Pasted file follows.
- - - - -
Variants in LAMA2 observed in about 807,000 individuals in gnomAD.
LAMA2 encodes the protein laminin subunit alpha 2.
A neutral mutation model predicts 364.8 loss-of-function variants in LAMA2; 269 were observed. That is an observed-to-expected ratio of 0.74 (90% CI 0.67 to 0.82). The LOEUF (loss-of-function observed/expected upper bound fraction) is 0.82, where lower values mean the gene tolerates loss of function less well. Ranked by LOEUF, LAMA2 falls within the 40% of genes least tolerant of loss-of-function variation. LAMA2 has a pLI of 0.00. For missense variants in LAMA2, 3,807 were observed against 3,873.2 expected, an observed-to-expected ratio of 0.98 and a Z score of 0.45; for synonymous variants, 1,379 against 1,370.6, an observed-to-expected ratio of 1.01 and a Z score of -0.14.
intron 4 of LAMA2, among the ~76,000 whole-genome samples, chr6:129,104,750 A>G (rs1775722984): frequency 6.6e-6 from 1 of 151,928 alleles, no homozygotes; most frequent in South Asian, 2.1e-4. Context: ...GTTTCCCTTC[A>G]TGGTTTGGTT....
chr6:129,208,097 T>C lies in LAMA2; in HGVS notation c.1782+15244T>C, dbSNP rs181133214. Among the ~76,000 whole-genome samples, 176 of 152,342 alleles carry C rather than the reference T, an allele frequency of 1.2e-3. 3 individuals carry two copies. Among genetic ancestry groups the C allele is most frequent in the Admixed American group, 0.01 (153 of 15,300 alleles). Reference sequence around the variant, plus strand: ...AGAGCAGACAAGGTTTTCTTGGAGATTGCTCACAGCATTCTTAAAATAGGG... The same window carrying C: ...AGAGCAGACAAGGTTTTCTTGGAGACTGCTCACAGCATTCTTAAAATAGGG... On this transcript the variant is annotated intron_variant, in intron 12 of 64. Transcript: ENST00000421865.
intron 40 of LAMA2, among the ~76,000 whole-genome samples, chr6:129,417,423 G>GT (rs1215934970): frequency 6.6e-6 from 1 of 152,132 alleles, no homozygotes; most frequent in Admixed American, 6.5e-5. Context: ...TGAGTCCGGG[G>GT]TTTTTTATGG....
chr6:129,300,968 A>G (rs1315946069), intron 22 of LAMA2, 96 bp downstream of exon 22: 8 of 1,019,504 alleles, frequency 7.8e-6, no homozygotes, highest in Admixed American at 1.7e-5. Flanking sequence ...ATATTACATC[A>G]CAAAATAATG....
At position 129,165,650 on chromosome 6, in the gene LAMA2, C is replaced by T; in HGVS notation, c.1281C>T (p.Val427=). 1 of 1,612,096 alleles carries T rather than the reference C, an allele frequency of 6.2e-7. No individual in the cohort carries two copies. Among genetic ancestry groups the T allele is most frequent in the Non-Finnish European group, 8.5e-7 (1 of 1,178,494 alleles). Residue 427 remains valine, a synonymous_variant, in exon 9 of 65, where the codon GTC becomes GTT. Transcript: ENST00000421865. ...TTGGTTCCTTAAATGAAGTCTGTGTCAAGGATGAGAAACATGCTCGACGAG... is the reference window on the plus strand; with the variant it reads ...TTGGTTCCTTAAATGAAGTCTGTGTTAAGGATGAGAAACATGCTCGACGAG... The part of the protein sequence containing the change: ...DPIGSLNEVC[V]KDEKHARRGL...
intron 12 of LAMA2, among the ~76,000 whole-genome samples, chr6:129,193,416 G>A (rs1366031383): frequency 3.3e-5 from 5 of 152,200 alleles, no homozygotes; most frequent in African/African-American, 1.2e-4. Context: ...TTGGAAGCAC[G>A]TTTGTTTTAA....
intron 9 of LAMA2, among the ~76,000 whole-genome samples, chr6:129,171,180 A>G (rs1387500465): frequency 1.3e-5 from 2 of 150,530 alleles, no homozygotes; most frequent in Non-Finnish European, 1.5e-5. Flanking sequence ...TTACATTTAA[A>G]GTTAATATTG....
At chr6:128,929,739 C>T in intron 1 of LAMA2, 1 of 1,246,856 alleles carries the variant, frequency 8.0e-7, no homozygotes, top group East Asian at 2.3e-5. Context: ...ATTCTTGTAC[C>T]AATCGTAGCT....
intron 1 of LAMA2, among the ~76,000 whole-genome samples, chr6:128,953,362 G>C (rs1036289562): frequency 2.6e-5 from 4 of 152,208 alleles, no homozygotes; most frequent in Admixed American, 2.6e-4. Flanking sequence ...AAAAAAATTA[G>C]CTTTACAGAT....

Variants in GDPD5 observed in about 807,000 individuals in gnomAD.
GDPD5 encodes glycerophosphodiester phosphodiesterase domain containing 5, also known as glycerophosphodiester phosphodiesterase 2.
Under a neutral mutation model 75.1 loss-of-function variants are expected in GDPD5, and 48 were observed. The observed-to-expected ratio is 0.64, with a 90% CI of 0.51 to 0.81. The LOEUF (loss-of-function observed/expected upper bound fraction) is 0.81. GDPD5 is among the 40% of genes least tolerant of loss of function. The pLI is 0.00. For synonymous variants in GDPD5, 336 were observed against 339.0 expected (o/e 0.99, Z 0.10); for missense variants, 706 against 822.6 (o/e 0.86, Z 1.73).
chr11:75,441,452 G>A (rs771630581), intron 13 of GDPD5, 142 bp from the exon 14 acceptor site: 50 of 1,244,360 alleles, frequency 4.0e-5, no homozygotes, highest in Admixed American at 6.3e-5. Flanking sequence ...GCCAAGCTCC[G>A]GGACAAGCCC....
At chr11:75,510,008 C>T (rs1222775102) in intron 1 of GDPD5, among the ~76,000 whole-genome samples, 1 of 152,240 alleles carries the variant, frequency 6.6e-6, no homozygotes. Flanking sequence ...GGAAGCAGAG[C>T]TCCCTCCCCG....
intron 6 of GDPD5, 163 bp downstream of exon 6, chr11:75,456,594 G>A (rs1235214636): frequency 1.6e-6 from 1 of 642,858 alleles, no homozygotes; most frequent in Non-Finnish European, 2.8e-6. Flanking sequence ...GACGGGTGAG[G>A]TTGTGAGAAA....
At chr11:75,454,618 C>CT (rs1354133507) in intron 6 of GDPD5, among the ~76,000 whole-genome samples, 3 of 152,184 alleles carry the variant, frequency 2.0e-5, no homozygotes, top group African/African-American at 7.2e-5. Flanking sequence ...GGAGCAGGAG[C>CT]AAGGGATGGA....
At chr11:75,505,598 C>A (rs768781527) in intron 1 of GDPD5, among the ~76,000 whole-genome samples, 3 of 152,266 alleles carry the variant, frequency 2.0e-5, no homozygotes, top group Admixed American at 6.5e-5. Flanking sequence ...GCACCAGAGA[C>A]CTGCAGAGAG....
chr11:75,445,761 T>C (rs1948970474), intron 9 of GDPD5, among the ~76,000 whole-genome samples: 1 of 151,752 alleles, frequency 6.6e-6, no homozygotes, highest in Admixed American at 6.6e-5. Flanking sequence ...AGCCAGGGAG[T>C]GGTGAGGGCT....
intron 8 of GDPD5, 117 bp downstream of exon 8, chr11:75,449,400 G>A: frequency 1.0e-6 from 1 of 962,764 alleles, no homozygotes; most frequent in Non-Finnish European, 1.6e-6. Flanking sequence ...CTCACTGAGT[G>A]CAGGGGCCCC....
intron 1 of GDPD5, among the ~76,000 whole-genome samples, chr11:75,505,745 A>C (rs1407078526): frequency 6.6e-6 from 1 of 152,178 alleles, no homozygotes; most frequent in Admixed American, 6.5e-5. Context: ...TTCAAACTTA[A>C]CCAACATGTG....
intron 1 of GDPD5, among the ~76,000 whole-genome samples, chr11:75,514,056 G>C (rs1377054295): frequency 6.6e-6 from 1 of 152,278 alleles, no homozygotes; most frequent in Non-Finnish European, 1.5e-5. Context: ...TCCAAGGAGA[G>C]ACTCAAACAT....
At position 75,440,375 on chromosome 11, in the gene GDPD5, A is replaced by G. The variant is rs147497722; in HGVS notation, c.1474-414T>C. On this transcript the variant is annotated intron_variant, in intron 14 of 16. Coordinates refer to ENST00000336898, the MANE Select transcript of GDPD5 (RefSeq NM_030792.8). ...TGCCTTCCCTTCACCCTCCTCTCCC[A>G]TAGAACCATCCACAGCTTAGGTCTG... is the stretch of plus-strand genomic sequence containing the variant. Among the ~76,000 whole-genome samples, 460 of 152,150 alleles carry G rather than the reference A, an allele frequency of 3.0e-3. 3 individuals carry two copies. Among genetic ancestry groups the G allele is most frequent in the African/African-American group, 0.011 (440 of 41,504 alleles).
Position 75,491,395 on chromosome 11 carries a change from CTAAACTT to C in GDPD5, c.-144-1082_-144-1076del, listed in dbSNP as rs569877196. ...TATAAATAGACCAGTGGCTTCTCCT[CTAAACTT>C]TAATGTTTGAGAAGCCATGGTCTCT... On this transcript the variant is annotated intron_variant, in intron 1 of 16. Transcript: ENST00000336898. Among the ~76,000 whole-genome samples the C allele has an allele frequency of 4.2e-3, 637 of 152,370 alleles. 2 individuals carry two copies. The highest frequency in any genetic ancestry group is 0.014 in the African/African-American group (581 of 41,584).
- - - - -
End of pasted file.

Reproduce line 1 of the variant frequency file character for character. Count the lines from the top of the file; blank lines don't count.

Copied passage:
Variants in LAMA2 observed in about 807,000 individuals in gnomAD.